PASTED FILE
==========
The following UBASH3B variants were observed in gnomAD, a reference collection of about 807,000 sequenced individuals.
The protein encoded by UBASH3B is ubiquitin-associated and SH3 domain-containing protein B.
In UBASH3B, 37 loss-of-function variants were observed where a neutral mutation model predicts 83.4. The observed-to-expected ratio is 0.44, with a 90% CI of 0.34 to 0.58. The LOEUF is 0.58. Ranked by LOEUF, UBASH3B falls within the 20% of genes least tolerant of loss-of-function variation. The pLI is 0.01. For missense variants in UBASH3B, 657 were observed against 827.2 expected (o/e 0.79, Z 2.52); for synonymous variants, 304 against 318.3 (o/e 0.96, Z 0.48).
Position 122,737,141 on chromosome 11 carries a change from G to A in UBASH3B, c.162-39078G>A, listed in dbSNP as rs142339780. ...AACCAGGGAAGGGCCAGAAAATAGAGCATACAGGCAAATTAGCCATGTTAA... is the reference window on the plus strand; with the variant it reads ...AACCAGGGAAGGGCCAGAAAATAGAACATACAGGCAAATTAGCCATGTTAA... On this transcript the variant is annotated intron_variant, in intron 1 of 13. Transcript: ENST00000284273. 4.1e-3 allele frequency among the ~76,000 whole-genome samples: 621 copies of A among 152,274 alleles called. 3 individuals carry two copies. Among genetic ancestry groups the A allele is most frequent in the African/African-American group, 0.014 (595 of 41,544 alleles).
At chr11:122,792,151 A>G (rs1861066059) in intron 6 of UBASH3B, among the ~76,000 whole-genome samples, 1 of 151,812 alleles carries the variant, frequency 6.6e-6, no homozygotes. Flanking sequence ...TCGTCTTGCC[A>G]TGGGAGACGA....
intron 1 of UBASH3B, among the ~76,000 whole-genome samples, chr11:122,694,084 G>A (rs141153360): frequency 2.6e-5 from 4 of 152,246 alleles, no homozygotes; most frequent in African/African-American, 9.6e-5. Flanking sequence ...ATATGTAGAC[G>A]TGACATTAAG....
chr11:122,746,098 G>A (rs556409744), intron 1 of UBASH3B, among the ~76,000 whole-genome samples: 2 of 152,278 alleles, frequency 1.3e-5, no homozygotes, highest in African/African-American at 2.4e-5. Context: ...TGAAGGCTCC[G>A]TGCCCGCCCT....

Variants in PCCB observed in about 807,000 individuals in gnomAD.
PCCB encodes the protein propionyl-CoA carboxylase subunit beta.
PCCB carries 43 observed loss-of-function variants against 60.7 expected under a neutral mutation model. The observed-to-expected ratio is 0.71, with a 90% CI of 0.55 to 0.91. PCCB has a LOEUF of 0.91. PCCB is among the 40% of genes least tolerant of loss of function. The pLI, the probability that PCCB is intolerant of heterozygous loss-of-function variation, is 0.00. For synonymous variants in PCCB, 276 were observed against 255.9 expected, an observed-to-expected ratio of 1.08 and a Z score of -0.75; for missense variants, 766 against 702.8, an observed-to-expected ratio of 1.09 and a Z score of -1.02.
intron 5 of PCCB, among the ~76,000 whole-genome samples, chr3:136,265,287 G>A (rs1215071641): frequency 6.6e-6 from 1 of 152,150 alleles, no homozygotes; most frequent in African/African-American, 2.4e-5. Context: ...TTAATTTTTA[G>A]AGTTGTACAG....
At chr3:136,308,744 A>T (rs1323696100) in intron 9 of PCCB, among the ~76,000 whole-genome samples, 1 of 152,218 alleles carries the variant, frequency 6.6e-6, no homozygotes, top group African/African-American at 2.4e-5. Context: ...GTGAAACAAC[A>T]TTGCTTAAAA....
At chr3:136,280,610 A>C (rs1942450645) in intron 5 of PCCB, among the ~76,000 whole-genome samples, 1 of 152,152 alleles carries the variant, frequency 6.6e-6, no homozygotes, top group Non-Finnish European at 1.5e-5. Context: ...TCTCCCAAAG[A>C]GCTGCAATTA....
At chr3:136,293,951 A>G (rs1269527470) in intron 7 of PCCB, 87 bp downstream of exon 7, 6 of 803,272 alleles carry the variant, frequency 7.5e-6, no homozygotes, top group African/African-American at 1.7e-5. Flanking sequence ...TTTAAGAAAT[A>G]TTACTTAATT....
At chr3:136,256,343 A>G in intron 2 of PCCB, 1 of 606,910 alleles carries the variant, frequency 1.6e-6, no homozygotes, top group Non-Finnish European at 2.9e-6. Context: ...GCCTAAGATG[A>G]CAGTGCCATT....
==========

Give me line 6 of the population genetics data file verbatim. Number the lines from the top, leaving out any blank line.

intron 1 of UBASH3B, among the ~76,000 whole-genome samples, chr11:122,694,084 G>A (rs141153360): frequency 2.6e-5 from 4 of 152,246 alleles, no homozygotes; most frequent in African/African-American, 9.6e-5. Flanking sequence ...ATATGTAGAC[G>A]TGACATTAAG....